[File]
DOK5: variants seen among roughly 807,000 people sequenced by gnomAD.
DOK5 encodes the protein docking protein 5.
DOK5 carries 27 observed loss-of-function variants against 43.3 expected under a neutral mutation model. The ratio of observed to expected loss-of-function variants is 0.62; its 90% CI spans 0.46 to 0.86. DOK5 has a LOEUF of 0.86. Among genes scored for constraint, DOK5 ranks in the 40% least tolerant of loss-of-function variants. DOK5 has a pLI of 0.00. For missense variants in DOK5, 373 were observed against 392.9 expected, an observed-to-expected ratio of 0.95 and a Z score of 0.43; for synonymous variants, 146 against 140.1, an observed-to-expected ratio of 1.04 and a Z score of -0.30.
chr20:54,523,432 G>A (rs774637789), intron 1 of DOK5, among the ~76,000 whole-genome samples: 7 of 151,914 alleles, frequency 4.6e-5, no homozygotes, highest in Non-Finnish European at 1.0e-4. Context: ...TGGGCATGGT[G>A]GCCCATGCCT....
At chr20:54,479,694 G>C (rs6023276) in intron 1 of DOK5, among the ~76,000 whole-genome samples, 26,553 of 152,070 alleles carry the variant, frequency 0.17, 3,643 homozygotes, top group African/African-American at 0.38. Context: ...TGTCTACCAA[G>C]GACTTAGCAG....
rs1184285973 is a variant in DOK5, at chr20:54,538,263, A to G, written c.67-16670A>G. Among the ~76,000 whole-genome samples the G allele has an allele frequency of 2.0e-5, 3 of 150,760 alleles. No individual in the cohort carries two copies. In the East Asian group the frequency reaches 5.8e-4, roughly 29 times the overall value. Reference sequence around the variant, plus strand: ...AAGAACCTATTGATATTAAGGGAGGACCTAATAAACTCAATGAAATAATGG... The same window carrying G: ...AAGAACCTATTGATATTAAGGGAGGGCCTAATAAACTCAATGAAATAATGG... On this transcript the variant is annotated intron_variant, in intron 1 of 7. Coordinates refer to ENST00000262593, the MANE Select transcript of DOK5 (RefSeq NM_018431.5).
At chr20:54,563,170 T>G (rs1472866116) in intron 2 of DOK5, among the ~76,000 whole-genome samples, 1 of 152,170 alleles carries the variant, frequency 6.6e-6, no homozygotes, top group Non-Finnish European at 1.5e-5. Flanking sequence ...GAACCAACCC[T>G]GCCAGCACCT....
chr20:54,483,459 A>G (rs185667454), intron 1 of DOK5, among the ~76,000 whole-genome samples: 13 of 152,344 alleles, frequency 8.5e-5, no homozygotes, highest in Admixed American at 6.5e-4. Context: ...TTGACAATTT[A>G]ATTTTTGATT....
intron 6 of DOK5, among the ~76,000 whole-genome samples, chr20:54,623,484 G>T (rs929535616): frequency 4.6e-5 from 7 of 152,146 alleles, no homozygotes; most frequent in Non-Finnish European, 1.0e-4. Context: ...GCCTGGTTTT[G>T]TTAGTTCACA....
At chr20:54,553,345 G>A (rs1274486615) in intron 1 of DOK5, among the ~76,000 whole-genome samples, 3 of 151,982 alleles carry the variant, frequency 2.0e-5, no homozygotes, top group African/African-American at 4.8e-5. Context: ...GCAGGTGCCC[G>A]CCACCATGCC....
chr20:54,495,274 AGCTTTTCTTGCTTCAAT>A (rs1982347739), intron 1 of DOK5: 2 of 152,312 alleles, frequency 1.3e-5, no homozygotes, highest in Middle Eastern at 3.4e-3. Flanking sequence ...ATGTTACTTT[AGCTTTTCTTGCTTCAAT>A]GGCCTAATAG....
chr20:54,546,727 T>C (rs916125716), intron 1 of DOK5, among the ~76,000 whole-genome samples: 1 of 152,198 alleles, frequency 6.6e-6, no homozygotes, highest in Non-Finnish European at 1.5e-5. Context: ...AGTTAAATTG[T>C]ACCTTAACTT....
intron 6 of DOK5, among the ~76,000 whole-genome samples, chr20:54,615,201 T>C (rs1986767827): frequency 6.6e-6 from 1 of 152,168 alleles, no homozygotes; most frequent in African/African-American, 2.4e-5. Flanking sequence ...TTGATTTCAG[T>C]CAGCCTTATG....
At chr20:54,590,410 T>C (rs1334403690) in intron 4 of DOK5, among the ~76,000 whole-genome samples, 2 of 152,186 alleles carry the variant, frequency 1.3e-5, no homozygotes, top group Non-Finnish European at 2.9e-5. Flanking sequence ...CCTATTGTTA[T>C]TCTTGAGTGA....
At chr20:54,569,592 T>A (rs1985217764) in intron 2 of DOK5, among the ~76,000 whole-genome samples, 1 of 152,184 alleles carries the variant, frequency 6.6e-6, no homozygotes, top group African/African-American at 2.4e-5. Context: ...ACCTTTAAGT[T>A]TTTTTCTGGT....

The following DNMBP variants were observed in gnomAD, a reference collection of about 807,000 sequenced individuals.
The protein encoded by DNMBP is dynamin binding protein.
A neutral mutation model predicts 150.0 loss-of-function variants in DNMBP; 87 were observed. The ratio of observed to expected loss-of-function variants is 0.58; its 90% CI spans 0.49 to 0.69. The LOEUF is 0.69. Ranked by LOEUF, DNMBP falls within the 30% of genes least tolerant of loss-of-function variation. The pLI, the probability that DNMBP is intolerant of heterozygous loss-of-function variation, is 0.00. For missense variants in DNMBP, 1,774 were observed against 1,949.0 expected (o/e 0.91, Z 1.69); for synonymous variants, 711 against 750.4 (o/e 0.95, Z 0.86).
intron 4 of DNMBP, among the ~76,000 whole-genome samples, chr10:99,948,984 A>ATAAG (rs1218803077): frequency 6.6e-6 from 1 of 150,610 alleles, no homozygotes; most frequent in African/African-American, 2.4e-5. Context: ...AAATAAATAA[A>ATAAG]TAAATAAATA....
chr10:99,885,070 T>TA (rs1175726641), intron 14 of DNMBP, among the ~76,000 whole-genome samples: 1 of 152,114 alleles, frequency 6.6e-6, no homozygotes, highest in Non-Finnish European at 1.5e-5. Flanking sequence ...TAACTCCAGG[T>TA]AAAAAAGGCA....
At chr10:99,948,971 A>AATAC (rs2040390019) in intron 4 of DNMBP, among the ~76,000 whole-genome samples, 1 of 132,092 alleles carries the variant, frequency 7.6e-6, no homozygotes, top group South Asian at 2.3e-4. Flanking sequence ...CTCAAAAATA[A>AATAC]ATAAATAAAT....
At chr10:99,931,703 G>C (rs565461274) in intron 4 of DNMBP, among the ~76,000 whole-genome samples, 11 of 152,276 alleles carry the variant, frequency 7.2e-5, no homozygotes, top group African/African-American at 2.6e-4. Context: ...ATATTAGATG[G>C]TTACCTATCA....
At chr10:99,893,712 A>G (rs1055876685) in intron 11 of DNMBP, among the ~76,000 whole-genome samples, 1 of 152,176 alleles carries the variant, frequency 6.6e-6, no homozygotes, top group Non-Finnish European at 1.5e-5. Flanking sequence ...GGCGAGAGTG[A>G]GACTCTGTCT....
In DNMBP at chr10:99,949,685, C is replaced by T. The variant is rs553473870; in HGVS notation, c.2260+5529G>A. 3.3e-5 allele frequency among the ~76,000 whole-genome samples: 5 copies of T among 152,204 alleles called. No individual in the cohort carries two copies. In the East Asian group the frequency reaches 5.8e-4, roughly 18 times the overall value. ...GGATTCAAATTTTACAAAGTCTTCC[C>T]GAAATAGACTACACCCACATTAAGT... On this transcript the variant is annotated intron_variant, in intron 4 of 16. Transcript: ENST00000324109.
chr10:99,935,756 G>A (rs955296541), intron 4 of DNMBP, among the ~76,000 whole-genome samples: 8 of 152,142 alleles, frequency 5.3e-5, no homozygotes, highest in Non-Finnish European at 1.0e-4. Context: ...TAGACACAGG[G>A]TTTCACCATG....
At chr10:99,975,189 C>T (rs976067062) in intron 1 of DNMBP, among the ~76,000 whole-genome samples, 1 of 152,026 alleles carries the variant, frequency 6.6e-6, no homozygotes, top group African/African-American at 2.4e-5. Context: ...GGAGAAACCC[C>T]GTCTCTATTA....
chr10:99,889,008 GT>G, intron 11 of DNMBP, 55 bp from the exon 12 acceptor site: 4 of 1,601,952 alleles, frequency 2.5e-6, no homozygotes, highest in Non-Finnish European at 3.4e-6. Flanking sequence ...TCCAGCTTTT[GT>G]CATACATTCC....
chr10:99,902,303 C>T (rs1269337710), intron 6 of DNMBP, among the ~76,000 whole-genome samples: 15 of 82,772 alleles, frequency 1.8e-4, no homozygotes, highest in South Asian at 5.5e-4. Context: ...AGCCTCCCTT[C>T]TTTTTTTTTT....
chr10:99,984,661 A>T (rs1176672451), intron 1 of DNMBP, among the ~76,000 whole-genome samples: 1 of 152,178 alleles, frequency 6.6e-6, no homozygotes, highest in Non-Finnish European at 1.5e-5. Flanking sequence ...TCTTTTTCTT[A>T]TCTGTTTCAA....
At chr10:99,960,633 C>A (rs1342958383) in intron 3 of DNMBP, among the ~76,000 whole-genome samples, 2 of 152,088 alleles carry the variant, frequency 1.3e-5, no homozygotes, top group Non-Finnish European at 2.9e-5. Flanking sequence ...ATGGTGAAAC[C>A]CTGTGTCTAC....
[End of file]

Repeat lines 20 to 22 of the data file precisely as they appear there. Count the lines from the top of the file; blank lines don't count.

chr10:99,885,070 T>TA (rs1175726641), intron 14 of DNMBP, among the ~76,000 whole-genome samples: 1 of 152,114 alleles, frequency 6.6e-6, no homozygotes, highest in Non-Finnish European at 1.5e-5. Flanking sequence ...TAACTCCAGG[T>TA]AAAAAAGGCA....
At chr10:99,948,971 A>AATAC (rs2040390019) in intron 4 of DNMBP, among the ~76,000 whole-genome samples, 1 of 132,092 alleles carries the variant, frequency 7.6e-6, no homozygotes, top group South Asian at 2.3e-4. Flanking sequence ...CTCAAAAATA[A>AATAC]ATAAATAAAT....
At chr10:99,931,703 G>C (rs565461274) in intron 4 of DNMBP, among the ~76,000 whole-genome samples, 11 of 152,276 alleles carry the variant, frequency 7.2e-5, no homozygotes, top group African/African-American at 2.6e-4. Context: ...ATATTAGATG[G>C]TTACCTATCA....